A lightly edited correspondence with Aaron Shepard:
Morris, here’s the Wall Street Journal on sales of the iPad’s biggest competitor so far:
I didn’t even know the Samsung was out yet. Seems to me (a recent) WSJ article on the serious contenders has them coming out in the summer and running a version of Android that is still pre-release.
I don’t think the tablet market will be any more brand dependent than the phone or laptop market. I know one guy (college professor) with an iPad, the college bought it for him. I know one guy with an iPhone (a cousin) and nobody with an iMac, unless you happen to have one. I’m sure Apple will end up with the market share they deserve for being an innovator in tablets, but I don’t see them having anything like the long term effect on the book market that Kindle and its successors will likely have.
It’s not pre-release, but it’s a version that Google has said is not suited to the larger screen size of tablets.
This is a bit different, because Apple has basically defined the category. It will be more like the iPod. How many people do you know who have any other brand of digital music player, or any other brand of tablet?
Are you kidding? Have you compared the latest sales figures? The iPad is outselling the Kindle 3 to 1, even with the price difference, and it’s still in its first generation. Anyway, just look at the discussions of publisher involvement with ebooks. How many articles do you see about publisher innovation for the Kindle? Nada. Everyone’s focused now on the iPad. The only thrilling statements about the Kindle are coming from Amazon press releases. The Kindle has about as much of a future as black-and-white television.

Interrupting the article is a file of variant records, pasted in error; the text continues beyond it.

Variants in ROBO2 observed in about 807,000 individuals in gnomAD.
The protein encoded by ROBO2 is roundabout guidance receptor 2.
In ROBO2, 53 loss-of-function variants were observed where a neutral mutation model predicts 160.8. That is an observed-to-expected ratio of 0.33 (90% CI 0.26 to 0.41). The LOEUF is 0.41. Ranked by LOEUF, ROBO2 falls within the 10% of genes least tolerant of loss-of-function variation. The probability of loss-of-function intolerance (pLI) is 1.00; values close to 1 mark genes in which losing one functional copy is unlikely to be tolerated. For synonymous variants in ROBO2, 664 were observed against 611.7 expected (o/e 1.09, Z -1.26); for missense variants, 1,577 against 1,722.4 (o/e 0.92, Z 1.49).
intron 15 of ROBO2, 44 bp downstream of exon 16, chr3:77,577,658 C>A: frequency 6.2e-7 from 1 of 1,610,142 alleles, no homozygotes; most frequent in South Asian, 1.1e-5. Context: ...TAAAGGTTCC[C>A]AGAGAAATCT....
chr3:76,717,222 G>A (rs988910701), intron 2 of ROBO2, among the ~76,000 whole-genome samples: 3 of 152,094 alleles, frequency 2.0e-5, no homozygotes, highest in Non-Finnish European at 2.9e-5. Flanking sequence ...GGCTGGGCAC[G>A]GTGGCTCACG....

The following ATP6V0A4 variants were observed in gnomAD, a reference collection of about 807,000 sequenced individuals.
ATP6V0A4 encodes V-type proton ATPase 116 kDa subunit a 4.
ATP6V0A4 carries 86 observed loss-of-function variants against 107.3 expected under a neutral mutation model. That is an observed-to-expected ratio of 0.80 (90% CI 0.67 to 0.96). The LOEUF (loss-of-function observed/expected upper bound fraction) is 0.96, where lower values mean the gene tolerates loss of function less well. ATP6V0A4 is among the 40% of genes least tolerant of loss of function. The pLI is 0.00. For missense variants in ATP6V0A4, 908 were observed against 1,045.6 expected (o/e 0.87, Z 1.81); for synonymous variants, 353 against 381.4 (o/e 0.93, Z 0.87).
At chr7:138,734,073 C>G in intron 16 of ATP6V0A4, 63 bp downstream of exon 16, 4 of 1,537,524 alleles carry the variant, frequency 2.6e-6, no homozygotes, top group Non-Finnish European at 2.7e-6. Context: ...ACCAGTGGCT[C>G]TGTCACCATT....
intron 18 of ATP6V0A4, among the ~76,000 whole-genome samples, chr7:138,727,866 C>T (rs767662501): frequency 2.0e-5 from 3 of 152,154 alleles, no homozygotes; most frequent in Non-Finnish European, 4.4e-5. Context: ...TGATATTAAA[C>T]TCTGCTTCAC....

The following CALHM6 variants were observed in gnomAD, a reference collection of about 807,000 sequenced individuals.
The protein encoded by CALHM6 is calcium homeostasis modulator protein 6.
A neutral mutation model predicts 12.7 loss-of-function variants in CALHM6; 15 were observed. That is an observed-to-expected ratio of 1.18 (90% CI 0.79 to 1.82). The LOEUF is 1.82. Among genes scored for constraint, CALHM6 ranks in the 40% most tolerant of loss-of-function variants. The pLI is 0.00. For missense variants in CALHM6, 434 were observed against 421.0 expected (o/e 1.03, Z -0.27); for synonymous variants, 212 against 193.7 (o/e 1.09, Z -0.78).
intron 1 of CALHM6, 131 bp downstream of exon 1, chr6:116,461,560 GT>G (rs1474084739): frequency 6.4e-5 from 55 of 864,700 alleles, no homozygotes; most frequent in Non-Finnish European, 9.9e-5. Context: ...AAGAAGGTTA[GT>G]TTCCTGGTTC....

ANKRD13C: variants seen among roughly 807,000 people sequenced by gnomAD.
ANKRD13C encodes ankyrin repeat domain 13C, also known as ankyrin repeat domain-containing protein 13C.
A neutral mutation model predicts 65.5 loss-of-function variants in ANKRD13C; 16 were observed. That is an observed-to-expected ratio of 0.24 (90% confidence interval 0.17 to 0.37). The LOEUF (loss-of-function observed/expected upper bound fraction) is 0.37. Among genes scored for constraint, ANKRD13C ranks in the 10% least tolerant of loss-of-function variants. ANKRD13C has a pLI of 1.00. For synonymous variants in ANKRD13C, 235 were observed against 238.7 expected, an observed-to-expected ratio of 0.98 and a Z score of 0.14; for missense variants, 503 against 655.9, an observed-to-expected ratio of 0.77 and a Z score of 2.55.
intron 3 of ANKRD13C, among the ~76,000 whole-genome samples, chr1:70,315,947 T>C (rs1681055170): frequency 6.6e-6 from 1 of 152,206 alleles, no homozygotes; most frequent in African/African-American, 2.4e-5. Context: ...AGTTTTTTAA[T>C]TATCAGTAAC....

Just out of curiosity, and as a point of comparison, how many people do you know with HDTV?
Every single one of my nieces and nephews own an unbranded MP3 player, don’t ask me what they listen to. I have one friend with an iPod, she listens to library books. Maybe other people I know have them and I’m just not aware of it. Personally, I tend to cut anybody who walks around with earphones.
I don’t know anybody with any other brand of tablet, but I suspect I will when cheaper ones appear that run Windows like things. My friend with the iPod swears she will never buy anything else Apple, because she hates the way it only works just so. Tablets are too multifunctional to be lifetime items. The friend I have with one uses it for e-mail and video, that’s it. When it’s dead, he’ll look for something else that does e-mail and video, and price will determine.
I think the number they gave out (iPad sales) is 20 million. (This was wrong, number may be 10 million). Damned if I can figure out who bought them. Probably a lot of Yuppies with too much money, social signalers:-)
You get excited about claims of publisher innovation? They’ve had the web to work with for fifteen years and they haven’t done squat. They’re just clueless. <snip – named names> They’re all out to lunch.
100% of the people I know who own one (iPad) say it sucks for reading. Amazon will continue to produce new generations, but as I’ve pointed out to you and whoever else is listening time and time again, it’s their store that counts. Apple has yet to do a successful bookstore.
Remember that I don’t watch TV so I don’t pay attention, but I would estimate that everybody who’s replaced a TV in the last five years has HDTV. Many of them replaced to get an LCD, not for higher resolution. The one friend I know it mattered for watches a lot of hockey, you can actually see the puck. But I certainly have friends who are still watching picture tubes, don’t have cable, etc.
I don’t see what the one discussion has to do with the other. By your argument, I’d think everybody would have to own an iPhone. Except their growth of market share has been falling steadily while Android phones accelerate. You know I’m not a mobile phone user either, but from what I understand from the WSJ, the reason Android is winning is a combination or price and choice of form factors.